Biotech giant Gilead Sciences Inc. and its Kite Pharma Inc. subsidiary in Santa Monica are buying Cell Design Labs Inc. for up to $567 million as the battle to develop cancer-targeting cell therapies heats up.
Gilead of Foster City, which bought Kite Pharma in August for $12 billion, said Thursday the deal to acquire the Emeryville-based lab would close shortly.
“The transaction will build on Gilead’s recent acquisition of Kita Pharma Inc. and has the potential to help the Gilead and Kite organizations accelerate the development of next generation cellular therapy candidates,” the companies said in a joint news release.
The transaction includes an up-front payment of $175 million, plus added payments of $322 million upon meeting certain milestones. About 12.2 percent of shares in Cell Design held by Kite are included as part of the deal.
Among Cell Design Labs’ chief investors and board members is Los Angeles biotech maverick Dr. Arie Belldegrun, founder of Kite Pharma and now a major advisor.
The acquisition strengthens Gilead’s position as developer of chimeric antigen receptor T-cell therapy (CART-T) drugs, a new class of treatments that transform a patient’s immune cells to target cancer.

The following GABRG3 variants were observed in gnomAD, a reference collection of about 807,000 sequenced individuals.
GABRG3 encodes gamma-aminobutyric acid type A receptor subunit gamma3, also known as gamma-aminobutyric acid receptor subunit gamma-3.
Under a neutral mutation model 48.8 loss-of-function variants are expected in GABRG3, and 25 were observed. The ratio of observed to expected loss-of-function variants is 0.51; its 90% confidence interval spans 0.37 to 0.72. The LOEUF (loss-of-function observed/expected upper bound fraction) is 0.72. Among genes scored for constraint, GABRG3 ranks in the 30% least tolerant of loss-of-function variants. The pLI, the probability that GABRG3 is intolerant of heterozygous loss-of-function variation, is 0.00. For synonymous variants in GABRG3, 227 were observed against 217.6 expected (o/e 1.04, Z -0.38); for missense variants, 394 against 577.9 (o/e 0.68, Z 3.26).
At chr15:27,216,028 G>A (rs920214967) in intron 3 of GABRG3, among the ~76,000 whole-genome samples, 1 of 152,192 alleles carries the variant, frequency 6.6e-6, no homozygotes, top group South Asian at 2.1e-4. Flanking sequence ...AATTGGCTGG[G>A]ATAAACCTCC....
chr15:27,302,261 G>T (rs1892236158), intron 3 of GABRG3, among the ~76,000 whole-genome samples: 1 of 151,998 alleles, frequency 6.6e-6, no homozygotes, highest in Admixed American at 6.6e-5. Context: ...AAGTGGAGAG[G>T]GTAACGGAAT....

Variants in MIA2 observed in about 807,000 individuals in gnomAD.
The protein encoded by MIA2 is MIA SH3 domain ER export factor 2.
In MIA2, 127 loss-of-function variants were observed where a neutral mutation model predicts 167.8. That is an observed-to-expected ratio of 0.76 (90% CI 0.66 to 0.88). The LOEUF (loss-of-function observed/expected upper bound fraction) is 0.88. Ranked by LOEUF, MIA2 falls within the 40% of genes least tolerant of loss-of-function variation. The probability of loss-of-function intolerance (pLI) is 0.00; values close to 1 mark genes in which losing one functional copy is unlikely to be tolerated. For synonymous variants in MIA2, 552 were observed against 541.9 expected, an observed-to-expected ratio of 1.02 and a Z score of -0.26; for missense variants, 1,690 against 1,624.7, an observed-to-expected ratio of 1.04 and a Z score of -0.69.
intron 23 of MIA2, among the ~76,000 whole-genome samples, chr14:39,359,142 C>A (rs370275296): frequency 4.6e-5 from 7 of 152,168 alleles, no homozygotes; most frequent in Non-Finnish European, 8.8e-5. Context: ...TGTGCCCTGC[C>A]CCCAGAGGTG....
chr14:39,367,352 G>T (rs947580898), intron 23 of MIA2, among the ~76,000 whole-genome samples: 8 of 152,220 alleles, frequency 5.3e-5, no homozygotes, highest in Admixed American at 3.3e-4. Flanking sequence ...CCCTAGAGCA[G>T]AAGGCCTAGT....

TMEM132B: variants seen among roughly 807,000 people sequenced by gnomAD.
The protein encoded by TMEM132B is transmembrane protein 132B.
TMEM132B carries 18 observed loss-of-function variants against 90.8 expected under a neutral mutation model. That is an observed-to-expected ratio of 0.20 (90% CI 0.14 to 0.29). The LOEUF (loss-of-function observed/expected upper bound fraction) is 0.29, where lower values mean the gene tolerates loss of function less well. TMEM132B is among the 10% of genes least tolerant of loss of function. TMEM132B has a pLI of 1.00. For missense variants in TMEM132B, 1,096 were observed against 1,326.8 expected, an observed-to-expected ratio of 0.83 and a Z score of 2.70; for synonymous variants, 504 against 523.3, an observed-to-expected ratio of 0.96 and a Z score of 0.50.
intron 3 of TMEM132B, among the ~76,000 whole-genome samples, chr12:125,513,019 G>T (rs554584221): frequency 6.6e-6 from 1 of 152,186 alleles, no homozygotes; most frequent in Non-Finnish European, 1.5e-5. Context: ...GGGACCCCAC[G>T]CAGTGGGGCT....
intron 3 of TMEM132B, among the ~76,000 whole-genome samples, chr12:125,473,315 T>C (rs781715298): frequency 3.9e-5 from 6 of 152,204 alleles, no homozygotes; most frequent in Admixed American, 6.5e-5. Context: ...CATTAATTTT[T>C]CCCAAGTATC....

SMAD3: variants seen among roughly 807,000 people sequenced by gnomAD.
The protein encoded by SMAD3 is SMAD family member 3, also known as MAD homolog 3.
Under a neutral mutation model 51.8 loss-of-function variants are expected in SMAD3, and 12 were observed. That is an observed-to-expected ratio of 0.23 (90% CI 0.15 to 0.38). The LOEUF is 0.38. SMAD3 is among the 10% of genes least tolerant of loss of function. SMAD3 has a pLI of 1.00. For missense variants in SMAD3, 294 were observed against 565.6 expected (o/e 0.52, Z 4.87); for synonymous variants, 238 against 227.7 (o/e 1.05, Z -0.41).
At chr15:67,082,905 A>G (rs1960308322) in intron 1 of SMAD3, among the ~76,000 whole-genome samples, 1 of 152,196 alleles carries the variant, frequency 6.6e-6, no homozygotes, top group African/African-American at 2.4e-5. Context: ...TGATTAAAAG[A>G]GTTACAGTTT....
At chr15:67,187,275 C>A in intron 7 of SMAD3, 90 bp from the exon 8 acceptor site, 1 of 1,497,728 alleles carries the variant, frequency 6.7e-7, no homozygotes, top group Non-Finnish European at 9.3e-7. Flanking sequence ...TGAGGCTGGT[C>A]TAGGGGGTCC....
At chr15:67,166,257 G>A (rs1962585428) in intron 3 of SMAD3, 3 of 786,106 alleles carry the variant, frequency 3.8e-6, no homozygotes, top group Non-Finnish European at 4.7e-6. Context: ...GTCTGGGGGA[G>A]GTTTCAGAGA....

In October, Kite won federal approval for a Yescarta CAR-T treatment for adults with non-Hodgkin’s lymphoma. In August, competitor Novartis AG won federal approval for the first cell-based cancer treatment in the U.S. for acute leukemia.
Cell Design will bring to the Gilead fold two tech platforms that can be applied to cell therapy and early stage treatments for prostate cancer and a type of blood cancer.
By Dana Bartholomew
Source: LA Business Journal
Colorcon Ventures, the corporate venture fund of Colorcon Inc., has invested in VeriSIM Life, a San Francisco-based startup with a digital bio-simulation platform that accelerates drug development and reduces animal testing.
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Sanofi has ended a long-running alliance with Sangamo Therapeutics to develop genetic medicines for inherited blood disorders, among them an experimental sickle cell disease therapy that is in early clinical testing.
The two have been developing complex, personalized treatments, led by a sickle cell drug known as SAR445136. But Sanofi is now more interested in off-the-shelf approaches, which are meant to be more convenient.